Financial accessibility in costuming communities

Wearing my red and gold damask sideless surcoat

Wearing my red and gold damask sideless surcoat

I wanted to talk a little about attempts to make costuming, cosplay, sewing (etc) more financially accessible to people who think that it’s too expensive to do well, to compete, to join in all.the.things that are out there.

In the last while it’s really jumped out at me – well-meaning folks who truly want to share the thing they love with as many people who want to be there as possible. There’s this big push “join us, it doesn’t have to be expensive!”

Much 🖤🖤🖤 for all those good intentions.

However… saying this kinda thing while posting photos from 3 different conventions in three different cities it becomes clear that a lot of the ideas on “how to save money” are steeped in a lot of economic privilege.
Well-meaning or otherwise – travel is expensive, conventions are expensive, costume college is expensive… While I do not fault anyone for prioritizing these things if they are passionate about them – they are often talking to people who couldn’t prioritize those things even if they wanted to.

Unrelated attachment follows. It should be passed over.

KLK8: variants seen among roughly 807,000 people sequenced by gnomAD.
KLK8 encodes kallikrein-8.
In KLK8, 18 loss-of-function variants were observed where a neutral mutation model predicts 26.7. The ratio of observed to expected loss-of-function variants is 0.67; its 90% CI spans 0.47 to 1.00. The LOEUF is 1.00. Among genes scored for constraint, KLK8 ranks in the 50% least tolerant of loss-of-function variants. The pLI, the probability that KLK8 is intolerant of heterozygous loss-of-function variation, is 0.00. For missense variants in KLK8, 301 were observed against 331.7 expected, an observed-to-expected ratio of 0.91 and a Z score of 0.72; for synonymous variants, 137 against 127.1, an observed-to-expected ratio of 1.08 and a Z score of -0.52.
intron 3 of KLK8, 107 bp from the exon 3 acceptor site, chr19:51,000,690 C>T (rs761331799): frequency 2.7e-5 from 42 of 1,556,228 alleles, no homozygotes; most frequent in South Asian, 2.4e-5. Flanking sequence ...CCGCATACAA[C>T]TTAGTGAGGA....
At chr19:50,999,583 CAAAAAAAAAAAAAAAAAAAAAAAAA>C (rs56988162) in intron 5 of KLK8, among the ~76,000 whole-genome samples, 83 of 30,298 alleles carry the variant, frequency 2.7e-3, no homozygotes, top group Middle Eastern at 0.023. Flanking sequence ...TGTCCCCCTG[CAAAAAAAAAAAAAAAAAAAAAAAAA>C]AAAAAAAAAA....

Black Dockenbaret worn with a Goldhaube & Gollar

Black Dockenbaret worn with a Goldhaube & Gollar

Folks say “get fabrics at thrift stores!” Which works great if you have a car to hit ten different thrift stores in a day. Or have the TIME to visit two thrift stores a week for the next four months if they aren’t within walking distance of home/work/school.
Thrift stores don’t just have endless supplies of exactly the thing you want at a predictable schedule. If you want sheer pale blue polyester – you’re going to have to go to many stores before finding it.
When I was looking for a dye pot I visited four different stores before I found one – and all I was looking for was a big pot. Try finding six meters of black suit weight wool at a thrift store…

While not technically “thrifted” – the blue teal for the gollar came from a second hand fabric sale. The surcoat above – the fabric came from that same sale.